Soredemo Machi wa Mawatteiru – Manga Review
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Soredemo Machi wa Mawatteiru:
Reviewed by: Linny
Synopsis: Hotori Arashiyama is a clumsy, happy-go-lucky high school girl who dreams of becoming a detective some day. For now, she’s doing a terrible job of being the only maid at a so called maid cafe at the local Maruko shopping district. When her friend Tatsuno sees how badly run the cafe is, and that her crush Sanada is one of the few regular customers, she eagerly decides to work there to improve the cafe and secretly, to spend time with Sanada. Thus begins the crazy, comedic tale of the daily lives of Hotori Arashiyama, her friends, her family and even her ‘foes’.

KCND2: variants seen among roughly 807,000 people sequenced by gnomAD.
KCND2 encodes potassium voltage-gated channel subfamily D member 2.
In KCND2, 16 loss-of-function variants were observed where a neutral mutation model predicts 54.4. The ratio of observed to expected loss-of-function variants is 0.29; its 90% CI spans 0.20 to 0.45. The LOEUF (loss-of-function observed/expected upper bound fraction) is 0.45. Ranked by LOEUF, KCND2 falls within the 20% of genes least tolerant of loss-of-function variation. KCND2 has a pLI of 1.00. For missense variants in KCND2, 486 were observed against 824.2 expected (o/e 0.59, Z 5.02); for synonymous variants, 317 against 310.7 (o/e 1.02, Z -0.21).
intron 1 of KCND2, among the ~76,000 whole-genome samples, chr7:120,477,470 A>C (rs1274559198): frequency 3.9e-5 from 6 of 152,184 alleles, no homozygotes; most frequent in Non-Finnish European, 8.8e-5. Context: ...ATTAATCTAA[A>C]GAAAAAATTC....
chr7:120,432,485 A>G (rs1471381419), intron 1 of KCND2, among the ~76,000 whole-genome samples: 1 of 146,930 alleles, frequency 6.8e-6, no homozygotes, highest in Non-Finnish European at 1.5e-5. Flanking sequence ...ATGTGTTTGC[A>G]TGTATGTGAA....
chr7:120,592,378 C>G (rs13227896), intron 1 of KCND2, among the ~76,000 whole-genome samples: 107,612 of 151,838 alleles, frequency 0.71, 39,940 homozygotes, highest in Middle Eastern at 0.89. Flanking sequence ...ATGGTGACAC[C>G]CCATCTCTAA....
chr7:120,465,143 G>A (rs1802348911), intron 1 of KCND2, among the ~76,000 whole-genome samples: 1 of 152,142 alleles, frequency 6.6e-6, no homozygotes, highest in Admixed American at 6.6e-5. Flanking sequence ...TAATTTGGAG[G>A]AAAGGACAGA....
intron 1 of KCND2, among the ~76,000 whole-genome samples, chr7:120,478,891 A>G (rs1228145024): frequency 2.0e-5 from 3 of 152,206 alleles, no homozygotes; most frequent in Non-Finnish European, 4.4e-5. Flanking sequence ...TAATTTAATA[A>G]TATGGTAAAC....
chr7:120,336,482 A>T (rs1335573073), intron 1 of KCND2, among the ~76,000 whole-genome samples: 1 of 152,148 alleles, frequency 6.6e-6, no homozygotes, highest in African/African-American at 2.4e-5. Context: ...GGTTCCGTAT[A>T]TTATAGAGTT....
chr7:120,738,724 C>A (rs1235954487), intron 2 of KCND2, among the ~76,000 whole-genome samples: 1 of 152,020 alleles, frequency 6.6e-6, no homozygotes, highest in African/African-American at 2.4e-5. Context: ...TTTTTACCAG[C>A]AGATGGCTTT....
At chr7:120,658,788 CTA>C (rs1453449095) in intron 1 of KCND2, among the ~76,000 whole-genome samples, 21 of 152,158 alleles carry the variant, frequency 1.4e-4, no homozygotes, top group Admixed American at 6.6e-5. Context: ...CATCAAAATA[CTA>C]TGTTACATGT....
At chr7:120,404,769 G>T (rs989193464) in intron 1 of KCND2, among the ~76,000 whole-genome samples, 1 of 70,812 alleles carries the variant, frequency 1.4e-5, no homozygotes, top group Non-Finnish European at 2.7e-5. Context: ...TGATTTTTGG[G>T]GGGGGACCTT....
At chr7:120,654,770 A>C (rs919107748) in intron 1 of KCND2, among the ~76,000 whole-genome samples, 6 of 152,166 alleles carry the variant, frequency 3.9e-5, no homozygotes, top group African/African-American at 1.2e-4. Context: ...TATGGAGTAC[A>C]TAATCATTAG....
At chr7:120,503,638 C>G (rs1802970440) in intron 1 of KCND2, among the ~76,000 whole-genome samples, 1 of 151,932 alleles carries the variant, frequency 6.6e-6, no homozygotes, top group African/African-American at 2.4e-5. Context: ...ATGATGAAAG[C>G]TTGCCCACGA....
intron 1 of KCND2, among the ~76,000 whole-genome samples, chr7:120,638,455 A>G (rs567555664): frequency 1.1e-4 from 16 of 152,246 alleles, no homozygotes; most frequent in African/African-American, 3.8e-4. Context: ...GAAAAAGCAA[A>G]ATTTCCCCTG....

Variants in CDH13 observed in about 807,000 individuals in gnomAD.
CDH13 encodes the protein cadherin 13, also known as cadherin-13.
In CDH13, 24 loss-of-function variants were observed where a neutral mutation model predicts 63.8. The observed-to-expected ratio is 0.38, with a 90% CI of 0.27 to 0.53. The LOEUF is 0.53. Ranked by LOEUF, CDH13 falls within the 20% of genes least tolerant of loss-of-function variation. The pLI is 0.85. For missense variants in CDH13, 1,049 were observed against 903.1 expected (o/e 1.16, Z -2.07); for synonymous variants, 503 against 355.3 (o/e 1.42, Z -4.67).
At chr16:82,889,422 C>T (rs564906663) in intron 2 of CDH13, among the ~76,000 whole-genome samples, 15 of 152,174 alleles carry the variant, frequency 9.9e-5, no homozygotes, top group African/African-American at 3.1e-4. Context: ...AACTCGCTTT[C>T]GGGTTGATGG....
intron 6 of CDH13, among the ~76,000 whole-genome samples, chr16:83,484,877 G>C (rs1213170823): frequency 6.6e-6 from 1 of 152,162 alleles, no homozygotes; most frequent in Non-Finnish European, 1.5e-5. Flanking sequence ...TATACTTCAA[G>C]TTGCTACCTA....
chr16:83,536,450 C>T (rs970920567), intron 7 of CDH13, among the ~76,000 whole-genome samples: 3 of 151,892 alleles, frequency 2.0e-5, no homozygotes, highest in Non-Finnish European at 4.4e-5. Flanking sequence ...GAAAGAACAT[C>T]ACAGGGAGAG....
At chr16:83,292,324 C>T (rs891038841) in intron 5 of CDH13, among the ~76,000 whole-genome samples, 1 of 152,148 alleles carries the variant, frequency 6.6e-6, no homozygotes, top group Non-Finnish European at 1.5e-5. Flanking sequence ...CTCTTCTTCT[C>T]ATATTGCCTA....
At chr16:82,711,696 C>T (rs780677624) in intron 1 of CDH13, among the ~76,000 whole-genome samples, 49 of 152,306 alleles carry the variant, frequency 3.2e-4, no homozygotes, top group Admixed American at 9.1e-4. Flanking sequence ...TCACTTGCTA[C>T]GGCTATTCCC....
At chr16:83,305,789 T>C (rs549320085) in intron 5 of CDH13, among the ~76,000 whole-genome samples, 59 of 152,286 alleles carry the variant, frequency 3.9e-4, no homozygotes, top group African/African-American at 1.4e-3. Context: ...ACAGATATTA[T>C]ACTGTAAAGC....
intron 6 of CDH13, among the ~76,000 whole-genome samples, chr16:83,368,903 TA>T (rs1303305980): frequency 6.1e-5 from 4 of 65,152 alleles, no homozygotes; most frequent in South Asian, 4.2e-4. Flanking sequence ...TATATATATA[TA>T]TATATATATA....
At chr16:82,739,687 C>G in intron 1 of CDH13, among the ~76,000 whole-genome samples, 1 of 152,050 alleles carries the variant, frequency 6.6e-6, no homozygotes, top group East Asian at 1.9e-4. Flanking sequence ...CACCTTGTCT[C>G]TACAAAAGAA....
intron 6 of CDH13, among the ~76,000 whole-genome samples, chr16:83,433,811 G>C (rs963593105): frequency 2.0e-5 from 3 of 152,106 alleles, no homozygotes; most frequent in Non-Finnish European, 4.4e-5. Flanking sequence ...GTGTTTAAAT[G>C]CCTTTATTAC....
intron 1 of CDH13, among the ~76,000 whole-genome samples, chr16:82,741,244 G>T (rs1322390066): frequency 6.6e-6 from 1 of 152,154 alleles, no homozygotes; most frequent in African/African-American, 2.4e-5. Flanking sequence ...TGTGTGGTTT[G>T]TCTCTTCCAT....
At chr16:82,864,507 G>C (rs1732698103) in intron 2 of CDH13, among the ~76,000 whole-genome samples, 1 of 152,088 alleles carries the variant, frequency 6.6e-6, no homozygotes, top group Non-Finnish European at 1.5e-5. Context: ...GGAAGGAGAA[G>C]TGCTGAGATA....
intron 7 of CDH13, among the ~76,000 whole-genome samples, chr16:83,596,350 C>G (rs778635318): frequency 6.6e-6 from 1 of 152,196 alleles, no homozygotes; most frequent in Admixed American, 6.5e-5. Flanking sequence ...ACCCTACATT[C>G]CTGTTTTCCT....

Review (Warning: Spoilers to Follow):
Soredemo Machi wa Mawatteiru (English Title: Yet The Town Keeps Going), often abbreviated to SoreMachi, is something one could describe mainly as a comedic slice of life. While it does follow the antics of Hotori and all the drama and comedy she causes through her antics, the story also occasionally focuses on and follows the lives of other characters, making itself feel well rounded with a well developed cast. Each of these tales have strong veins of humour running throughout it, never ever going into anything depressing or serious, atleast not in the first volume. It immediately reads like a feel good tale, something to pick up when you want to have a chuckle or two and can be picked up or dropped at any minute. Each chapter is more or less independent of the others, with any issues in the chapter resolved and dealt with by the end of that very chapter itself.